THE battle over bureaucracy in schools is set to escalate with members of the second biggest teaching union poised for industrial action in six weeks' time.
Plans for a ballot on what would effectively be a work-to-rule, in an attempt to cut excessive workloads, were announced by the National Association of Schoolmasters Union of Women Teachers.
All indications are that the 180,000-plus working members of the union in England and Wales will back the action which, the union says, will use the Government's own advice for reducing bureaucracy. This is likely to include a refusal to administer exams and process examination marks. Action would begin just before the end of the A-level and GCSE period.
The move follows a decision made at the union's Easter conference in Llandudno to act to curb the growing problem of overload on teachers.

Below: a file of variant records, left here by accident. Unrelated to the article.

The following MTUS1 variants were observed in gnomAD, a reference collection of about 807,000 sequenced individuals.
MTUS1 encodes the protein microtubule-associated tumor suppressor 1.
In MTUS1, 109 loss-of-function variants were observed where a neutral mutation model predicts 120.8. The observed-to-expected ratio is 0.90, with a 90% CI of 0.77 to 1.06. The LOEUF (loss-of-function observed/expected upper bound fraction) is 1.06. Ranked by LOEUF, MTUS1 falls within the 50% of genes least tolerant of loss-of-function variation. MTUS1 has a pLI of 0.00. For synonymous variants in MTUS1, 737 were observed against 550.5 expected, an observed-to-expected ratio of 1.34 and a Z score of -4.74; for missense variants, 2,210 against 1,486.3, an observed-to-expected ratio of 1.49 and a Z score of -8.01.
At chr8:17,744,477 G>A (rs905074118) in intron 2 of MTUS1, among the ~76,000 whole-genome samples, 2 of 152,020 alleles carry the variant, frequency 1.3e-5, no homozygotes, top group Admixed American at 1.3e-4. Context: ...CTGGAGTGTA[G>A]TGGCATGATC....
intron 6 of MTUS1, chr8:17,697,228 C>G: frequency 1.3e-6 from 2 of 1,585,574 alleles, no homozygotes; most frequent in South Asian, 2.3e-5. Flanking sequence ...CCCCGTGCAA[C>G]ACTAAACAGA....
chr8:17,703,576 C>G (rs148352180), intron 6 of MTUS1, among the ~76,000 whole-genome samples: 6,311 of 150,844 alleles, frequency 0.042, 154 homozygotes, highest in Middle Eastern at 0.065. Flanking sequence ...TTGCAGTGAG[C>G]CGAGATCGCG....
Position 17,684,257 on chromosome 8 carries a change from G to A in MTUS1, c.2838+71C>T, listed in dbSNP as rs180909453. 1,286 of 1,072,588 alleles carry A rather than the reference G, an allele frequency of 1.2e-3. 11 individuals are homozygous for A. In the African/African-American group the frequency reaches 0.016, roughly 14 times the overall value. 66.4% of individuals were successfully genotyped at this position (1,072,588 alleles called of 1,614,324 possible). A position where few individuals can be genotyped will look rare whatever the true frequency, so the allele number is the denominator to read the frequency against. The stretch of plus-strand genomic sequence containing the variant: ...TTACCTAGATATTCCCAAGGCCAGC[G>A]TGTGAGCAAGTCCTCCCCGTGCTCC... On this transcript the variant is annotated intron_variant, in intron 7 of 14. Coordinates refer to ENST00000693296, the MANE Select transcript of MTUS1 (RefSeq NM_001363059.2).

The balloting period officially opens on June 2 and closes 17 days later. Voting papers will be sent to teachers by June 5.
National officers will meet on June 2 to consider the results of the ballot and, if it was decided to go ahead, action would commence on or around June 28. A-levels finish on June 29 and GCSEs a day later.
Nigel de Gruchy, NASUWT general secretary, said: "Action should not affect exams because administering them and processing marks should be done by clerical people.
"Strike action is not proposed. There is no threat to pupils' education. Indeed, the action has the potential to make teachers more effective in the classroom and so improve levels of achievement."
Action instructions would include measures recommended by the Government in its anti-bureaucracy circulars and bureaucracy-cutting tool kit, which were issued last year.
These include limits on the number of meetings teachers attend each week; reductions in target-setting, streamlining lesson planning and cutting the length of documents produced.
Teachers would also boycott administrative tasks such as photocopying, record-keeping, and producing class lists.